- Many people report feeling anxious when they forget their phone.
- The term “nomophobia” has been coined to describe this feeling.
- Researchers have found that nomophobia is linked to traits like interpersonal sensitivity and obsession-compulsion.
- Your phone usage may be problematic if it begins to interfere with your daily functioning.
- Experts recommend setting aside times to step away from your phone to keep your usage within healthy limits.
Have you ever left home only to realize you’ve forgotten your phone? Did you feel the need to immediately return home to retrieve it?
If you’ve ever felt anxious or panicked about the thought of not having your phone with you, you’re not alone.
In a 2019 Statista survey, 44 percent of participants reported feeling at least some degree of anxiety about being separated from their phone.
In fact, these feelings are so common that there’s even a word for it: “nomophobia.”
According to Niranjan S. Karnik, MD, PhD, professor of psychiatry at Rush Medical College, nomophobia is a relatively new term that was coined about 10 years ago.
It’s used to describe a set of symptoms and experiences that people feel when they’re away from their mobile phone, says Karnik.
Nomophobia is characterized by symptoms such as anxiety, distress, or general discomfort.
It’s not a part of the most recent Diagnostic and Statistical Manual of Mental Disorders (DSM-5), so it’s not an official diagnosis, he says.
It’s simply a description of a recognized phenomenon.
To evaluate who’s more prone to feelings of nomophobia, a team of researchers recently studied 495 Portuguese adults between the ages of 18 and 24.
The study participants were given two questionnaires to complete.
The first dealt with their reliance on their cellphone.
The second explored any symptoms of mental disorders that they were experiencing, such as anxiety, feelings of inadequacy, or obsession-compulsion.
The research team found that the more people used their phone each day, the more stress they felt when they were without it.
In addition, those people who scored higher on obsession-compulsion felt greater fear about leaving their phone behind.
Interpersonal sensitivity was also a strong predictor of feelings of nomophobia, said the authors.
They didn’t find any link between gender and feelings of nomophobia, however.
Karnik says it’s unclear why people experience this feeling.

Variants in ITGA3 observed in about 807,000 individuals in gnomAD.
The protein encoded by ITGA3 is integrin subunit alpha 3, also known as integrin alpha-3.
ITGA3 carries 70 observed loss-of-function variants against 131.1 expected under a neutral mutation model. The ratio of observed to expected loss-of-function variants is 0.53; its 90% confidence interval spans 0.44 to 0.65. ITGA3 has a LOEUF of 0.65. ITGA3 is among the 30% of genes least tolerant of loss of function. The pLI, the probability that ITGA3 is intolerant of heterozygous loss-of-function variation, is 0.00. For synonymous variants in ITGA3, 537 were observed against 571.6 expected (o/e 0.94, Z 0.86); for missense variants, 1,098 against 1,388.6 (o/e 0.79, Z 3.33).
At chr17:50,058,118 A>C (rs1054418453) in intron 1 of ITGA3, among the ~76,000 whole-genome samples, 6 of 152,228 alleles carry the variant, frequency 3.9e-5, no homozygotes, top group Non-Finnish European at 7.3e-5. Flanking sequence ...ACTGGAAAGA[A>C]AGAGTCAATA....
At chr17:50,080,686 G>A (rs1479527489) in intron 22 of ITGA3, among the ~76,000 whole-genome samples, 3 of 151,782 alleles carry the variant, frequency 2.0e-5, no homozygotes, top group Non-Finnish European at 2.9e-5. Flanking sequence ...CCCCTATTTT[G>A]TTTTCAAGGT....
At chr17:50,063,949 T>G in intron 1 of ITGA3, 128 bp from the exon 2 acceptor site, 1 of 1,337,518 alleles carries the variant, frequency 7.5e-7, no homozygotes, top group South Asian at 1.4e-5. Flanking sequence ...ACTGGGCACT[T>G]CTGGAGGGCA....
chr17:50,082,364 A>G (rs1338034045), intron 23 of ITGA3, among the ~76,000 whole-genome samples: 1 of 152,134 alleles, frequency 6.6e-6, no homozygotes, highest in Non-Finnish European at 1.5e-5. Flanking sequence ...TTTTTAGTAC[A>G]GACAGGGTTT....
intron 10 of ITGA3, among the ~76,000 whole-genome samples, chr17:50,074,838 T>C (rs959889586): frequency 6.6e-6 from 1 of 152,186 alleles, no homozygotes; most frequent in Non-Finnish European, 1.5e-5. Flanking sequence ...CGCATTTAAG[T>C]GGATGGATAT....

“Researchers believe that this anxiety stems from a fear of isolation, lack of communication, and the sensation of not being part of a social network,” he said.
“It is somewhat contradictory, because people can even have these feelings when in the presence of other people. It seems to be partially a result of people putting a high value on their connections to people via their devices,” Karnik said.
Ana-Paula Correia, PhD, who was one of the authors of the study, adds that it’s about more than just the phone.
People are using it to connect with people and know what’s going on.
Being away from their phone severs that connection, leading to a feeling of agitation, explains Correia.
Correia says there’s a difference between normal phone usage that benefits your life — for example, chatting with your friends or using it for work — and usage that interferes with your daily functioning.
That type of usage, according to Correia, is more likely to create feelings of nomophobia and anxiety.
According to Karnik, these feelings can be problematic if the anxiety and distress that you’re feeling begins to interfere with work, school, or your everyday functioning.
“In extreme cases, people can have panic attacks or physical manifestations that start to cause health problems,” Karnik said.
One example of a health problem you might have would be fatigue related to waking during the night to check your phone.
Karnik adds there’s not a clear line that indicates when you have a problem.
However, if you’re not able to put your phone away for a set time or leave it alone without triggering anxiety, you might want to speak with a therapist or counselor, he says.
“People should consider that these devices have been made to be addictive and to draw our attention, but we can choose to make times to step away,” Karnik said.
He recommends setting your phone to silence alerts and notifications at night.
“It is never good to be waking in the middle of the night to check your phone or device,” Karnik said.
“Second, if you are in a social situation and in the company of others, it might be best to put the phones away or turn them off. Focus on the people you are with, and leave the electronic social connections for later,” he said.
J. Scott Hinkle, PhD, faculty in the department of counseling at Palo Alto University, further suggests it’s a good idea to schedule breaks from things like social media apps on your phone.
“If it isn’t scheduled, it’s not likely to happen,” he explained.
Hinkle recommends that these breaks do need to be realistic. Otherwise, they may result in failure.
“So, think about looking at it in the morning and then not checking back in until after dinner,” he suggested.
“Remember, all the news will still be there when you chime back in; the news is not going anywhere. If you have people who may need to contact you, tell them you will check in with them at a designated time that evening,” Hinkle said.
Many people report feeling some degree of anxiety about being away from their phone.
However, if those anxious feelings are interfering with your life, it could be a problem.
Creating time away from your phone can help keep your usage within healthy limits.
If you find yourself unable to control your usage, however, it may be a good idea to seek the advice of a therapist or counselor.